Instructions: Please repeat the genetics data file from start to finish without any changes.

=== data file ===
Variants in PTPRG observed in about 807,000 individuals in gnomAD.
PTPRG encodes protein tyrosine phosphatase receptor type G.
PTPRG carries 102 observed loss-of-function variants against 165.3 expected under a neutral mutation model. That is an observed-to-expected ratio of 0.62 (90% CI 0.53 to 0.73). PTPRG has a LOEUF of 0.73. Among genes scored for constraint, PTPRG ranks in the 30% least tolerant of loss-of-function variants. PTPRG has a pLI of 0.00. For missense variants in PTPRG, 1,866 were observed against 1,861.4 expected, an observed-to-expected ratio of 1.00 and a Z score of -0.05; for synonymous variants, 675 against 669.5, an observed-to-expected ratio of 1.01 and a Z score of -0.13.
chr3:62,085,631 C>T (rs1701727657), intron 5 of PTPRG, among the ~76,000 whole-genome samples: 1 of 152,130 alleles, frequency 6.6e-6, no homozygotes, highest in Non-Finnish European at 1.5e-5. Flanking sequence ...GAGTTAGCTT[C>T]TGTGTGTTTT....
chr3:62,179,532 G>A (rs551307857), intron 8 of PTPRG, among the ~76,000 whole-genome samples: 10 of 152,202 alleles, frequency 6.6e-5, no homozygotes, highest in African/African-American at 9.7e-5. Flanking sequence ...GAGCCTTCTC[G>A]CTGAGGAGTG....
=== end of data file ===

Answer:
Variants in PTPRG observed in about 807,000 individuals in gnomAD.
PTPRG encodes protein tyrosine phosphatase receptor type G.
PTPRG carries 102 observed loss-of-function variants against 165.3 expected under a neutral mutation model. That is an observed-to-expected ratio of 0.62 (90% CI 0.53 to 0.73). PTPRG has a LOEUF of 0.73. Among genes scored for constraint, PTPRG ranks in the 30% least tolerant of loss-of-function variants. PTPRG has a pLI of 0.00. For missense variants in PTPRG, 1,866 were observed against 1,861.4 expected, an observed-to-expected ratio of 1.00 and a Z score of -0.05; for synonymous variants, 675 against 669.5, an observed-to-expected ratio of 1.01 and a Z score of -0.13.
chr3:62,085,631 C>T (rs1701727657), intron 5 of PTPRG, among the ~76,000 whole-genome samples: 1 of 152,130 alleles, frequency 6.6e-6, no homozygotes, highest in Non-Finnish European at 1.5e-5. Flanking sequence ...GAGTTAGCTT[C>T]TGTGTGTTTT....
chr3:62,179,532 G>A (rs551307857), intron 8 of PTPRG, among the ~76,000 whole-genome samples: 10 of 152,202 alleles, frequency 6.6e-5, no homozygotes, highest in African/African-American at 9.7e-5. Flanking sequence ...GAGCCTTCTC[G>A]CTGAGGAGTG....